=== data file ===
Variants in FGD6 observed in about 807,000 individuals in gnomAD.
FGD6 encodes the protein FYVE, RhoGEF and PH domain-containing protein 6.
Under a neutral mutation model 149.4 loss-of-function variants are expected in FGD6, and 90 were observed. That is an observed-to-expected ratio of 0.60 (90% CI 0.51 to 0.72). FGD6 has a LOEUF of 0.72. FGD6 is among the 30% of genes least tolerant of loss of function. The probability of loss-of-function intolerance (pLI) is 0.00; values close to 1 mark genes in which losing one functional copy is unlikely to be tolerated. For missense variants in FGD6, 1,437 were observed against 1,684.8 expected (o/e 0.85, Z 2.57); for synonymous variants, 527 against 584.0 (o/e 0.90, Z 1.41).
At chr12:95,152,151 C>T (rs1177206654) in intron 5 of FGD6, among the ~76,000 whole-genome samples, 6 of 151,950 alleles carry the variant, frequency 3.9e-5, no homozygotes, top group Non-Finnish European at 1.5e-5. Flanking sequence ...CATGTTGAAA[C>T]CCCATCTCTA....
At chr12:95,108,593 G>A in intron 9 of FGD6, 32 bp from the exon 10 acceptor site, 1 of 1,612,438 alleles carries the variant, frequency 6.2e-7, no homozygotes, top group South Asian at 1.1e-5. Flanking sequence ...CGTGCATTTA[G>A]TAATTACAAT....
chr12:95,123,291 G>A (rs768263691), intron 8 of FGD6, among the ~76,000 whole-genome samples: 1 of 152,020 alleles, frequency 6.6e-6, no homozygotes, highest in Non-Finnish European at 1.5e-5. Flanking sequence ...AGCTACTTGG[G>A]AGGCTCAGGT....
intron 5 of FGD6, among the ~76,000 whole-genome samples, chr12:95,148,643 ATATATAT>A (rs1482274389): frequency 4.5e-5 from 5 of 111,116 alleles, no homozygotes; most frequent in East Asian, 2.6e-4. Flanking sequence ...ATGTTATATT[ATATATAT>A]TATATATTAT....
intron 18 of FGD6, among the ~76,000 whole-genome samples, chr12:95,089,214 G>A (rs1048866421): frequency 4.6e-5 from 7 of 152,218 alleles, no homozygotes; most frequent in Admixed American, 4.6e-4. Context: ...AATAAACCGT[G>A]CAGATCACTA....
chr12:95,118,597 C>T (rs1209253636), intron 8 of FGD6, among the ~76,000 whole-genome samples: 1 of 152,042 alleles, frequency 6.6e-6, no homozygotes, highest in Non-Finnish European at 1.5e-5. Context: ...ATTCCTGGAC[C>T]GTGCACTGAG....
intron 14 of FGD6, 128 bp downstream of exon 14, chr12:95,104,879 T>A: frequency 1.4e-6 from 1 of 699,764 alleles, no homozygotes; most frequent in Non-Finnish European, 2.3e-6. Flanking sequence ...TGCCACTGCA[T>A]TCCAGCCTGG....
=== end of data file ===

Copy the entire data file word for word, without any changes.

Variants in FGD6 observed in about 807,000 individuals in gnomAD.
FGD6 encodes the protein FYVE, RhoGEF and PH domain-containing protein 6.
Under a neutral mutation model 149.4 loss-of-function variants are expected in FGD6, and 90 were observed. That is an observed-to-expected ratio of 0.60 (90% CI 0.51 to 0.72). FGD6 has a LOEUF of 0.72. FGD6 is among the 30% of genes least tolerant of loss of function. The probability of loss-of-function intolerance (pLI) is 0.00; values close to 1 mark genes in which losing one functional copy is unlikely to be tolerated. For missense variants in FGD6, 1,437 were observed against 1,684.8 expected (o/e 0.85, Z 2.57); for synonymous variants, 527 against 584.0 (o/e 0.90, Z 1.41).
At chr12:95,152,151 C>T (rs1177206654) in intron 5 of FGD6, among the ~76,000 whole-genome samples, 6 of 151,950 alleles carry the variant, frequency 3.9e-5, no homozygotes, top group Non-Finnish European at 1.5e-5. Flanking sequence ...CATGTTGAAA[C>T]CCCATCTCTA....
At chr12:95,108,593 G>A in intron 9 of FGD6, 32 bp from the exon 10 acceptor site, 1 of 1,612,438 alleles carries the variant, frequency 6.2e-7, no homozygotes, top group South Asian at 1.1e-5. Flanking sequence ...CGTGCATTTA[G>A]TAATTACAAT....
chr12:95,123,291 G>A (rs768263691), intron 8 of FGD6, among the ~76,000 whole-genome samples: 1 of 152,020 alleles, frequency 6.6e-6, no homozygotes, highest in Non-Finnish European at 1.5e-5. Flanking sequence ...AGCTACTTGG[G>A]AGGCTCAGGT....
intron 5 of FGD6, among the ~76,000 whole-genome samples, chr12:95,148,643 ATATATAT>A (rs1482274389): frequency 4.5e-5 from 5 of 111,116 alleles, no homozygotes; most frequent in East Asian, 2.6e-4. Flanking sequence ...ATGTTATATT[ATATATAT>A]TATATATTAT....
intron 18 of FGD6, among the ~76,000 whole-genome samples, chr12:95,089,214 G>A (rs1048866421): frequency 4.6e-5 from 7 of 152,218 alleles, no homozygotes; most frequent in Admixed American, 4.6e-4. Context: ...AATAAACCGT[G>A]CAGATCACTA....
chr12:95,118,597 C>T (rs1209253636), intron 8 of FGD6, among the ~76,000 whole-genome samples: 1 of 152,042 alleles, frequency 6.6e-6, no homozygotes, highest in Non-Finnish European at 1.5e-5. Context: ...ATTCCTGGAC[C>T]GTGCACTGAG....
intron 14 of FGD6, 128 bp downstream of exon 14, chr12:95,104,879 T>A: frequency 1.4e-6 from 1 of 699,764 alleles, no homozygotes; most frequent in Non-Finnish European, 2.3e-6. Flanking sequence ...TGCCACTGCA[T>A]TCCAGCCTGG....